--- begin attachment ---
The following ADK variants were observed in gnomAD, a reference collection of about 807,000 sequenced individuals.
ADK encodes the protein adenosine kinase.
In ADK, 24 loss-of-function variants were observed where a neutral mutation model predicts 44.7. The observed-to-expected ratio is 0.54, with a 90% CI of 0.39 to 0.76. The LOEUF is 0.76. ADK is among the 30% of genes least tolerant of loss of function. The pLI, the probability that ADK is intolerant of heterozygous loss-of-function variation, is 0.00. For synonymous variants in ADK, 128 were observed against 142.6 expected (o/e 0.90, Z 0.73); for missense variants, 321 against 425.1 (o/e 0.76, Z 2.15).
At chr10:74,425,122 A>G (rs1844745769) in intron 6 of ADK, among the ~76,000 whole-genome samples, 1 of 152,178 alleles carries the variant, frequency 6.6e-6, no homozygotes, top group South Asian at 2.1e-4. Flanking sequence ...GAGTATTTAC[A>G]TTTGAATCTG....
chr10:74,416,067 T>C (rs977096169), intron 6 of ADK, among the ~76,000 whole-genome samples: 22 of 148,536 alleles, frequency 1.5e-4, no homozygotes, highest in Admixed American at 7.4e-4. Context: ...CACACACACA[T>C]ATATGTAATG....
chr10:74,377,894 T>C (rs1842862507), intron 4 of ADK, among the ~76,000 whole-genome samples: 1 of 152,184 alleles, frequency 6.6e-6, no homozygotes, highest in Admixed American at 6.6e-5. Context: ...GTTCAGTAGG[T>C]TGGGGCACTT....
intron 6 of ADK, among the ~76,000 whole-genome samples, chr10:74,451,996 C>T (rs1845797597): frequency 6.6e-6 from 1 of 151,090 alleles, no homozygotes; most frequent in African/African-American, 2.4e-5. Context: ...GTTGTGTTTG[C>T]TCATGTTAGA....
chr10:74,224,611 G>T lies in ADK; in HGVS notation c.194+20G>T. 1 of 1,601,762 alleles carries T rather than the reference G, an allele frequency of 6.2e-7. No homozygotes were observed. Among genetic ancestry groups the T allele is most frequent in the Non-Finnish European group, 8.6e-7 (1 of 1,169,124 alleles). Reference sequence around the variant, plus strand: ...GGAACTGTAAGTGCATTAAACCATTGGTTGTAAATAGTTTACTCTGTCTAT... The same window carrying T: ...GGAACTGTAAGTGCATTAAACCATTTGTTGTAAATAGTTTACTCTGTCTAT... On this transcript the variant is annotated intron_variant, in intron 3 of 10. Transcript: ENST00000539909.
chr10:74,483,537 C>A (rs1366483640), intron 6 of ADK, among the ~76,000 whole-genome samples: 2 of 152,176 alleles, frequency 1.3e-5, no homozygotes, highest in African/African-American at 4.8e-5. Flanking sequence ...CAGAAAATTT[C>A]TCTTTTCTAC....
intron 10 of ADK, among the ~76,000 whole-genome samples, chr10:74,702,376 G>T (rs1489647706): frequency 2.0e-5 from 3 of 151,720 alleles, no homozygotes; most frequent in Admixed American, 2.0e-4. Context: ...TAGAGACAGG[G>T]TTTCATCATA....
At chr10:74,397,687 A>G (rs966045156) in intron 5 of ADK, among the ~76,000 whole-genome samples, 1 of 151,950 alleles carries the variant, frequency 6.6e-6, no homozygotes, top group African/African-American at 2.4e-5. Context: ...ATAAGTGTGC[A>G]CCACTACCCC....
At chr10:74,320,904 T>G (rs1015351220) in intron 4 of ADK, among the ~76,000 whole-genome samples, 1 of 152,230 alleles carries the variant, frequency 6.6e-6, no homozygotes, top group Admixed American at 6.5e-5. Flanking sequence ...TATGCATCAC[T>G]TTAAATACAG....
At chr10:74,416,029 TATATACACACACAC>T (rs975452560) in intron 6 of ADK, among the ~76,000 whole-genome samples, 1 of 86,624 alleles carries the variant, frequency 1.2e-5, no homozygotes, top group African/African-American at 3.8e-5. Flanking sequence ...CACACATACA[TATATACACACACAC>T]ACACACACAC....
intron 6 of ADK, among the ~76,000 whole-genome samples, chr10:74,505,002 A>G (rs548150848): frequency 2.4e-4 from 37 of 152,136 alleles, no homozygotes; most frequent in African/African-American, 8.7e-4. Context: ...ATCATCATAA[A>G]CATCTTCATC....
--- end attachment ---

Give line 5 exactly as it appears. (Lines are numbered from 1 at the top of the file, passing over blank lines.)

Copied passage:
chr10:74,416,067 T>C (rs977096169), intron 6 of ADK, among the ~76,000 whole-genome samples: 22 of 148,536 alleles, frequency 1.5e-4, no homozygotes, highest in Admixed American at 7.4e-4. Context: ...CACACACACA[T>C]ATATGTAATG....